By Joseph A. Curtatone
(The opinions and views expressed in the commentaries of The Somerville Times belong solely to the authors of those commentaries and do not reflect the views or opinions of The Somerville Times, its staff or publishers)
We need your help. Four house fires this summer in Somerville are considered arson and five suspicious fires remain under investigation. Somerville Police and Fire are relentlessly investigating these fires, deploying every resource at our disposal with help from our state and federal partners. We need the public to partner with us, too. Our public safety officials remain vigilant and ask that the public remains vigilant, because one tip could serve as the crucial lead that brings this investigation to a close and keeps our residents safe.
Somerville now has an Arson Hotline dedicated for tips at 617-629-1847 (1TIP). Never assume if you saw someone or something suspicious that someone else has already reported it to the authorities. If you see someone you don’t know in your backyard, call it in. If you see someone suspicious that you believe should not be in your neighbor’s backyard, call it in. Does something or someone in your neighborhood seem out of place? Call it in. If you previously saw something regarding any of the fires and haven’t reported it yet, call and tell us what you saw. Anything suspicious you see could aid in our investigation, so do not hesitate to call our Arson Hotline. If you see something, say something. It’s important to note that the Arson Hotline is only for tips. If you smell or see smoke or fire, immediately call 911.
The City of Somerville has also doubled our reward, from $10,000 to up to $20,000, for any and all information that leads to the arrest and prosecution of any person involved with the intentional setting of these fires. The Arson Watch Reward Program through the State Fire Marshal’s Office is also offering up to a $5,000 reward. That’s a total of an up to $25,000 reward.
Given the nature of these fires, I understand and empathize with the public’s desire to know more details. We can confirm that four house fires are considered arson and that there was one additional case of attempted arson involving a car. We can also confirm that in some cases, the person or persons who set the fire gained access via unlocked basements. In other cases, the fires started on the exterior of the building. Most of these fires have occurred in the early morning. Beyond those facts, we cannot release further details that would jeopardize our investigation and our ability to bring anyone responsible into custody.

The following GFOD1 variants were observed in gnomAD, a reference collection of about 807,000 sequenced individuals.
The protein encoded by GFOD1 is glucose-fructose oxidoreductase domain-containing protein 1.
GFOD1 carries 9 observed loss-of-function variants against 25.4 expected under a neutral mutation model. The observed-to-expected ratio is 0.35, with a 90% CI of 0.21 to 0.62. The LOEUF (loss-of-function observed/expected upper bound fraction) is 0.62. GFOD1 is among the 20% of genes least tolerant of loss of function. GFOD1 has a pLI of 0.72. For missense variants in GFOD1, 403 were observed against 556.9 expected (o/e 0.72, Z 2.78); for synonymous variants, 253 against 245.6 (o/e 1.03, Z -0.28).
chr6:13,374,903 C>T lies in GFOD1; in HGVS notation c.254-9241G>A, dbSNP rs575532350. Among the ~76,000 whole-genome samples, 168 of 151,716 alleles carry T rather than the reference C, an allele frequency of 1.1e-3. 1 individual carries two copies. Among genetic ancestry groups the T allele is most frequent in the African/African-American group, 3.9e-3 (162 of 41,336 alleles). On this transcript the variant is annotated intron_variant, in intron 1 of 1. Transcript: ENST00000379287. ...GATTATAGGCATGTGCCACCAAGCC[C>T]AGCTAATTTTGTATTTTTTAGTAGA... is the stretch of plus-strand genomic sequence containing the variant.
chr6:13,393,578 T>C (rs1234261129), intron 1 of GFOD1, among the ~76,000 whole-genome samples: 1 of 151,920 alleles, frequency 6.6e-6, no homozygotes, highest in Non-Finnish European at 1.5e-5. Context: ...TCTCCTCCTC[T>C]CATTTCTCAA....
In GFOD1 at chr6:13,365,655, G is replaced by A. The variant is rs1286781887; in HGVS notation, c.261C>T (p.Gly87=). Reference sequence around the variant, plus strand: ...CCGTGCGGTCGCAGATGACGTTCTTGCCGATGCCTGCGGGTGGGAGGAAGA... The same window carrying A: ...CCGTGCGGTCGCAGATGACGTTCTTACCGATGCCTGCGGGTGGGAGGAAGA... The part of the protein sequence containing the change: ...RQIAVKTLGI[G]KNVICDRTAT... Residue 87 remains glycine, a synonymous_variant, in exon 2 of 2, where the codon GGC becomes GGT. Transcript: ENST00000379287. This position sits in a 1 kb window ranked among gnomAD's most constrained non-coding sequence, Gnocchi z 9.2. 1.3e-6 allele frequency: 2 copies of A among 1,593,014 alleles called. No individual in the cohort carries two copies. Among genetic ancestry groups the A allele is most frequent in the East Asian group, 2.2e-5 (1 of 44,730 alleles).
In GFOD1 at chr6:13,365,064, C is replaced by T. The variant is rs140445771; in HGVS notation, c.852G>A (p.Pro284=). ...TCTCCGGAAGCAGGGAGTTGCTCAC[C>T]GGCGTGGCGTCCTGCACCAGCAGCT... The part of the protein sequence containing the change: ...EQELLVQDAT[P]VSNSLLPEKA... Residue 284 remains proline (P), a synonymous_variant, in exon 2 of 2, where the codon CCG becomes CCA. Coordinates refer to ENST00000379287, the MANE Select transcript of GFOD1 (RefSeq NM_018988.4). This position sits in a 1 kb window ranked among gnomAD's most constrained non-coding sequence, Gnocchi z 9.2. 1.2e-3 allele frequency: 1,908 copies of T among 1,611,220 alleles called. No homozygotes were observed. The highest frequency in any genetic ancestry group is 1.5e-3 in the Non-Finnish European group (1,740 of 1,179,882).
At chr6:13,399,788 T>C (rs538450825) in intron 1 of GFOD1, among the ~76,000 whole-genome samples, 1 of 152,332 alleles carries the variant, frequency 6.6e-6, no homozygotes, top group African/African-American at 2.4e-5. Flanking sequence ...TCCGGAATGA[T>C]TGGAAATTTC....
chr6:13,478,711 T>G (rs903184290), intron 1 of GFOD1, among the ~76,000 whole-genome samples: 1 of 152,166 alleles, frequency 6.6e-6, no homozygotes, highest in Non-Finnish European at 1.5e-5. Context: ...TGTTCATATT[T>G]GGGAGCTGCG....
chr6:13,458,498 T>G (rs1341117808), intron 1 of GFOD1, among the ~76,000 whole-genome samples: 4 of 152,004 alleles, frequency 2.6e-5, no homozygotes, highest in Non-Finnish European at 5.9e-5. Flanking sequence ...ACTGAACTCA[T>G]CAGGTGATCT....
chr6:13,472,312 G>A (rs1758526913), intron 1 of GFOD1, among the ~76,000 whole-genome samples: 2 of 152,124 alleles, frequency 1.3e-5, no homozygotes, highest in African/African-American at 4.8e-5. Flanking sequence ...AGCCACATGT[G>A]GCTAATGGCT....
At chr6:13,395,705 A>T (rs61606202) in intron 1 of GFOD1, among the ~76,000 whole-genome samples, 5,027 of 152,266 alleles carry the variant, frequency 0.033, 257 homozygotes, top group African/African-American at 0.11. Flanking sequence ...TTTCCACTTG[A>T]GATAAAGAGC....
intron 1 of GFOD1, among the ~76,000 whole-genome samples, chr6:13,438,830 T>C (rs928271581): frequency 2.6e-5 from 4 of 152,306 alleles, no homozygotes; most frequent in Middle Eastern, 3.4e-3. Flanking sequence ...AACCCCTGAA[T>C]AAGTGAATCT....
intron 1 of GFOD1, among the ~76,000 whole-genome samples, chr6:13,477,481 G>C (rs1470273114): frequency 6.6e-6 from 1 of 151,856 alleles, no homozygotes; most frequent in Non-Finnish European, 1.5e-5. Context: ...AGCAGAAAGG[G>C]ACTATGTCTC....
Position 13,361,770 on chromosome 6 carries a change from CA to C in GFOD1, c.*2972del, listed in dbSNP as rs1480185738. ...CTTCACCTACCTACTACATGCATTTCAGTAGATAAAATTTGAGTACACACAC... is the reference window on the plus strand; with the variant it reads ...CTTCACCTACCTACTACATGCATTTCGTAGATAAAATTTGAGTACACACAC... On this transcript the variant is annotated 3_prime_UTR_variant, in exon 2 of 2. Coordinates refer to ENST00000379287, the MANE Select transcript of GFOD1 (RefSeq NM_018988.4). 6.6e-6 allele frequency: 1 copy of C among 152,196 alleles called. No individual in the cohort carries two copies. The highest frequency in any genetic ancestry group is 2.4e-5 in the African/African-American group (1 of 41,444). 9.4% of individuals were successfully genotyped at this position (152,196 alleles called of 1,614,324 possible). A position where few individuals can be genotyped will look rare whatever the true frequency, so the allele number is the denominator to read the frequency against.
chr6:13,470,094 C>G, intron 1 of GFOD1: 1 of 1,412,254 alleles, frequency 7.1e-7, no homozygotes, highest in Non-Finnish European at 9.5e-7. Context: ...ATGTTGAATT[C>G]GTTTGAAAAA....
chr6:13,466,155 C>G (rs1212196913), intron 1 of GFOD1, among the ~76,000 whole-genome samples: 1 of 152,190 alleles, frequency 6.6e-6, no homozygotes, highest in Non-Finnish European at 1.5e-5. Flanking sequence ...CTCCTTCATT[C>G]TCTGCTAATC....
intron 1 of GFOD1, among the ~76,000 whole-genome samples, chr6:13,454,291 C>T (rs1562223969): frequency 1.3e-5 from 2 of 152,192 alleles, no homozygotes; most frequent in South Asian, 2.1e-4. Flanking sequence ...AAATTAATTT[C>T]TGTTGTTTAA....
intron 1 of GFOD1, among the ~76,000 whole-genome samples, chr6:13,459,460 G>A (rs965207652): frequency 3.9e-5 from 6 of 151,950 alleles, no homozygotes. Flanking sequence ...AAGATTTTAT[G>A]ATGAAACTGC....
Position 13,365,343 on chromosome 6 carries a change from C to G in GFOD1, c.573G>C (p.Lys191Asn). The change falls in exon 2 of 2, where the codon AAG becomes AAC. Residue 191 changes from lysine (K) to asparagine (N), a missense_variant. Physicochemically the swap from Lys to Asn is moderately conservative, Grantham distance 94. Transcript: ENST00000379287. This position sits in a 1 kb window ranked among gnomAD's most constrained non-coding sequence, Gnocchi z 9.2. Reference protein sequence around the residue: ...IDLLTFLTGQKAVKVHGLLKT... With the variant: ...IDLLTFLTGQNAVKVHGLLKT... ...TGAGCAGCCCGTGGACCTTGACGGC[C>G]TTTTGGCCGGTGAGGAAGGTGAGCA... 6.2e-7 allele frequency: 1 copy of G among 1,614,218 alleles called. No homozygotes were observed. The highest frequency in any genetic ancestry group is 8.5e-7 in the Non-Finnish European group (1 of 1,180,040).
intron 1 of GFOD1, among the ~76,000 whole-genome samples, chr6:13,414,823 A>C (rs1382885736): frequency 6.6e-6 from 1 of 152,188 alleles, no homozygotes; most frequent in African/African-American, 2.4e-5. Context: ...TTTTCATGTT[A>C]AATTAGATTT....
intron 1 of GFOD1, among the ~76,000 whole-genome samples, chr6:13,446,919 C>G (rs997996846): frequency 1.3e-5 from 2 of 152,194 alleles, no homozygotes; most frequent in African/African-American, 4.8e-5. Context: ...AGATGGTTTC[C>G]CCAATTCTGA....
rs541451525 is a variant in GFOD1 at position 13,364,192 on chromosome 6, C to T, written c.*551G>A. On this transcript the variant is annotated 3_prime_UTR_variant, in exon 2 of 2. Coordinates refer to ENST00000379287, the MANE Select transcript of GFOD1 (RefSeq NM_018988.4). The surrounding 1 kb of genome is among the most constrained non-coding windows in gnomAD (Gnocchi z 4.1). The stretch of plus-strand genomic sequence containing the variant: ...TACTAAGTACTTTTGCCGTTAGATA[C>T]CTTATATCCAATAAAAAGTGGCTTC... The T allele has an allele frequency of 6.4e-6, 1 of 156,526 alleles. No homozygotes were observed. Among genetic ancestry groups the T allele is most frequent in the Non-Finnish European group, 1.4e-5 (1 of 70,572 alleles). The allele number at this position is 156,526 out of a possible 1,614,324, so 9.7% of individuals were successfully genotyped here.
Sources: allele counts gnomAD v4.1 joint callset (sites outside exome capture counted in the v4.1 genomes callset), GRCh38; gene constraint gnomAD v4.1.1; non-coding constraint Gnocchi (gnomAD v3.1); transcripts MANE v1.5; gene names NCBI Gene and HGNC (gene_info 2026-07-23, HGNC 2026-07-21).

Know that no resource has been spared in response to these fires. Every resource at our disposal, from the local level to the federal level, is dedicated to this investigation. The Somerville Police and Fire Departments have been working tirelessly, along with the ATF, the FBI, the State Fire Marshal’s Office, and Cambridge Police and Fire Departments.
As this investigation continues, our public safety officials urge you: Do not be a victim of any fire, whether arson-related or accidental. Follow these arson prevention tips to protect yourself, your family and your home. Remove overstuffed furniture from porches and all highly flammable items from outdoor areas close to your home, including but not limited to piles of leaves or bags of yard waste; stacks of papers or recycling bins with paper/boxes; flammable liquids such as charcoal fluid, gas, paint thinner, and other volatile liquids; candles including mosquito candles; charcoal, or grills with charcoal or gas cans; laundry left hanging out overnight; rags or oily rags; and highly stuffed seat cushions.
Residents should keep their home secure. Lock all doors and windows, including basement doors and windows. Lock your garage door, or remove flammable items from your garage if it can’t be locked. Leave both your front and back porch lights on overnight. Do not store trash or recycling under your porch—keep it farther from the house or inside until your trash day.
These tips coincide with the regular fire safety tips everyone should know and follow. Check batteries in smoke alarms and ensure they are operating. Have an escape plan and discuss it with your family or housemates. Plan two routes of escape from any room and pick a meeting spot safely away from the house. Educate your children, who are likely to hide in a closet or under a bed during a fire if they haven’t been told what to do.
In the event of fire, exit immediately. Do not stop to collect any belongings. Consider putting valuable or irreplaceable items in a fireproof box now so you will not be tempted to look for them when escaping. Before opening doors during a fire, check for smoke seeping in under closed doors and check the door handle. If the handle is hot or if smoke is coming in, don’t open the door. Instead, use your alternate exit if possible. Know how to crawl away from a fire. When exiting, stay low because smoke rises. Smoke can weaken your ability to respond in an emergency or suffocate you. And never reenter a burning building for any reason.
The most important way the public can assist our investigation at this time is to report suspicious activity to the Arson Hotline at 617-629-1847, and to follow these preventative measures and secure their homes. And if you see smoke or fire, call 911 immediately.
We remain vigilant, and I am confident that our public safety officials, along with our state and federal partners, and with help from the public—and we need your help—will see a tireless and thorough investigation through to its conclusion.